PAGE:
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By Alejandro Navarro Brain
Some 11,500 tons of garbage are deposited monthly on Mapuche lands; Of the 28 garbage dumps in the region, 19 are within or very close to communities and the rest in poor peasant sectors
For a long time, the Mapuche communities of the Ninth Region have raised a demand, different from the claim of ancestral lands, and that has to do with reversing a concrete and systematic action of discrimination against them: the eradication of garbage dumps and landfills. installed in the territory where they have lived for centuries.
Today, some 11,500 tons of garbage are deposited monthly on Mapuche lands; Of the 28 garbage dumps in the region, 19 are within or very close to communities and the rest in poor peasant sectors; 15 have completed their useful life; several of them are without sanitary authorization and others have only obtained it in the early and mid-1990s. Of the total landfills, 25 are without resolution of environmental qualification.
In recent months, when they were not heard, support organizations and families belonging to the coordination of Mapuche communities in conflict over garbage dumps and konapewman, have carried out the symbolic and peaceful closure of the Boyeco landfills, in Temuco; that of Ancúe, in Gorbea; that of Llancamil, in Perquenco; that of Ranquilco Alto, in Nueva Imperial; that of Llancahue and Quechuco, in Pitrufquén; and that of Pelahuenco, in Galvarino, among others.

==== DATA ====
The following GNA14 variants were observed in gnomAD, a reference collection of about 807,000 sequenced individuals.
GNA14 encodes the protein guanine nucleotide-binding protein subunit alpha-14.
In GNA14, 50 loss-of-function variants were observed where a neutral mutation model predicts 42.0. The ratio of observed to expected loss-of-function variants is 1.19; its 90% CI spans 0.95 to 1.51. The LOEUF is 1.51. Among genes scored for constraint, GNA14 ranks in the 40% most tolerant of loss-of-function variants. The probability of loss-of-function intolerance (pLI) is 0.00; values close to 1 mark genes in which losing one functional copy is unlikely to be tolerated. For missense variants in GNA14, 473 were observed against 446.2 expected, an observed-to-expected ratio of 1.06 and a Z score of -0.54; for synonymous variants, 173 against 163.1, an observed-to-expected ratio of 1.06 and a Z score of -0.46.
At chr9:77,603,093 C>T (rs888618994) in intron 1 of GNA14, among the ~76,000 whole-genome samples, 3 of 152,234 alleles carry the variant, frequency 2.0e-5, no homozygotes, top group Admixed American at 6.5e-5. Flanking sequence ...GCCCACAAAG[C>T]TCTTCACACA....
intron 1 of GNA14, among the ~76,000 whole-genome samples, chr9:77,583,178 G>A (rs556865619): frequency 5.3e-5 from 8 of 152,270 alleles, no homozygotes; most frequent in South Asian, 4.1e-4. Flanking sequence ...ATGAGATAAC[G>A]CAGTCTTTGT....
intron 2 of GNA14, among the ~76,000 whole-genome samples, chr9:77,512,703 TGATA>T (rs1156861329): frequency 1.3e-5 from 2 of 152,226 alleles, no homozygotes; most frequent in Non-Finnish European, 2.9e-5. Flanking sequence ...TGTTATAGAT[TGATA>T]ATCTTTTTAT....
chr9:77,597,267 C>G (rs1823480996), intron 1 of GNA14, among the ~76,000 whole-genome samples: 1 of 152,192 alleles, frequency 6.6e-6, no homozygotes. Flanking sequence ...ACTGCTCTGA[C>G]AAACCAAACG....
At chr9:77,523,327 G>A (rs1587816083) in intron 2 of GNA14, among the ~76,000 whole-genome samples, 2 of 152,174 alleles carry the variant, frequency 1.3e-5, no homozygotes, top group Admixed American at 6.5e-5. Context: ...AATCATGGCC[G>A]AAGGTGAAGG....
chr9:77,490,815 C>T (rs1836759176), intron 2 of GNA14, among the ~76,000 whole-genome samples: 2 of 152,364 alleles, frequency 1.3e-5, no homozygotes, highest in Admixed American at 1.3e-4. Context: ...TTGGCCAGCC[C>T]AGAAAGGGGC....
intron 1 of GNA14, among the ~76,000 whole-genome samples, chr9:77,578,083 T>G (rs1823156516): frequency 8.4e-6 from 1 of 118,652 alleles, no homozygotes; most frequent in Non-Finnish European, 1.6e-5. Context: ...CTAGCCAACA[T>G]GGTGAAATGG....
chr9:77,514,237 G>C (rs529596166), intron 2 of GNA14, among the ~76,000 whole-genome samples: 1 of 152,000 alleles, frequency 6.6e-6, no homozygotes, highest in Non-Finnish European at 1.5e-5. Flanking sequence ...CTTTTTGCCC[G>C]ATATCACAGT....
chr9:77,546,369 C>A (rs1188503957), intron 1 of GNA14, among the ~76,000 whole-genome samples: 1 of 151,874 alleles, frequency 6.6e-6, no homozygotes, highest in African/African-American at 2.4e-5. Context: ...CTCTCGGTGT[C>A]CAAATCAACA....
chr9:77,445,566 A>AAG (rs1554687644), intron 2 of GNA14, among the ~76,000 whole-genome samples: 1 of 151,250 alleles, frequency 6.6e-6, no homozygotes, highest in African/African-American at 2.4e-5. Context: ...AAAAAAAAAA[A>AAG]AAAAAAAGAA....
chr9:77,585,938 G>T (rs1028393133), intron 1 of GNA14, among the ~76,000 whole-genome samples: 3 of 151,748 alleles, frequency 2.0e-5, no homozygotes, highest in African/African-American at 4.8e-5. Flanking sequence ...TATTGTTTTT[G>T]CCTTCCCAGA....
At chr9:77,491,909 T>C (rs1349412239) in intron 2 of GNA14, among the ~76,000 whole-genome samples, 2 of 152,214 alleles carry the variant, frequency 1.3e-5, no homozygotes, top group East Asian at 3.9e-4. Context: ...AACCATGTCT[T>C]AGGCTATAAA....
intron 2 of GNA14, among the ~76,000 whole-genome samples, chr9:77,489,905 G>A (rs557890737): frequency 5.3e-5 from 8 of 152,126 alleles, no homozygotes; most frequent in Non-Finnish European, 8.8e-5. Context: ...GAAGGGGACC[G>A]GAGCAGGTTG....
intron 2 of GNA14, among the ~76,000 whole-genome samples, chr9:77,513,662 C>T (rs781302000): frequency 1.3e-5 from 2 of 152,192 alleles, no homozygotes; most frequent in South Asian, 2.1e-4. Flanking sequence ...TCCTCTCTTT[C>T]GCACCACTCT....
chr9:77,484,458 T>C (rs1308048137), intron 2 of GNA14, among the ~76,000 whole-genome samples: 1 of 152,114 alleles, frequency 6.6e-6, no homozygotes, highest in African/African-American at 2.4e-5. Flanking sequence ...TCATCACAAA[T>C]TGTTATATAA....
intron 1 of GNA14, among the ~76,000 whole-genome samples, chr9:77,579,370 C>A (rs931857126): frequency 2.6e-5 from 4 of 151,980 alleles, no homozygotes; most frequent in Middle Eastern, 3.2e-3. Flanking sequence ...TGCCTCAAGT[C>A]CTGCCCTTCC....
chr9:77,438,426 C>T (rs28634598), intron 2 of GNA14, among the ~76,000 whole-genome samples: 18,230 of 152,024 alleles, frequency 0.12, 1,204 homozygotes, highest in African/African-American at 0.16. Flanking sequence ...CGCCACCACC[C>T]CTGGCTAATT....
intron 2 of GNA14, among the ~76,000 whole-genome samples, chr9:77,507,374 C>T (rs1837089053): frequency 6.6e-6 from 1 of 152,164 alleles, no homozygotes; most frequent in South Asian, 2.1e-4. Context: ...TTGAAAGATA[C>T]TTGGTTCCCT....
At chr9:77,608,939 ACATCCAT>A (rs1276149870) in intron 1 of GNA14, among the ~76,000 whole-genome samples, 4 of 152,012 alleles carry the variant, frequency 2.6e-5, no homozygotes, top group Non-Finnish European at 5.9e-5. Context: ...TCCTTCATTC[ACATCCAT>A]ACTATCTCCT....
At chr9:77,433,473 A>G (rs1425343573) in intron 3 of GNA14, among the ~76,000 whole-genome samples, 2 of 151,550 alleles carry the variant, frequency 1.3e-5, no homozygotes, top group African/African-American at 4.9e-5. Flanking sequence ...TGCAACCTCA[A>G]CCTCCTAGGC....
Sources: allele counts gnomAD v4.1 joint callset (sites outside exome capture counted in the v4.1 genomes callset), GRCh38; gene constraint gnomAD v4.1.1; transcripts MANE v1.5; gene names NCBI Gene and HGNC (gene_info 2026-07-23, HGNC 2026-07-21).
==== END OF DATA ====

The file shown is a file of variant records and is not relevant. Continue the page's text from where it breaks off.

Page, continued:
For the Mapuche, who build their culture in an indissoluble relationship with the land, it is legitimate to reject this ‘occupation’ of Mapuche territory and to promote the eradication of garbage dumps, which are an updated version of colonialism. The closure of the garbage dumps is necessary to stop one of the most racist practices that has affected the Mapuche people: being the garbage dump of the cities, receiving serious impacts on the environment and people's health, without any respect for their culture and their society.
An example of this is the death of the Mapuche boy Aquiles Epul, from Boyeco, in August 2000. Doctors determined that he had been a victim of the fearsome "killer bacteria", a situation that was related to the existence of the garbage dump. The families presented a protection appeal that was finally rejected by the Temuco Court of Appeals in 2001. It was in the framework of that fight that they learned of the existence of a new project that sought to keep the landfill running until 2025.
Nor is it presentable that in the effort to distort this legitimate demand of the Mapuches, in the face of incidents such as the fire of a disused backhoe at the Boyeco landfill in November 2002, it has been attributed to reactions from the mobilization of radical Mapuche groups , thereby fostering a strong police presence in the sector, which only sought to intimidate the affected families who were mobilizing to demand its closure.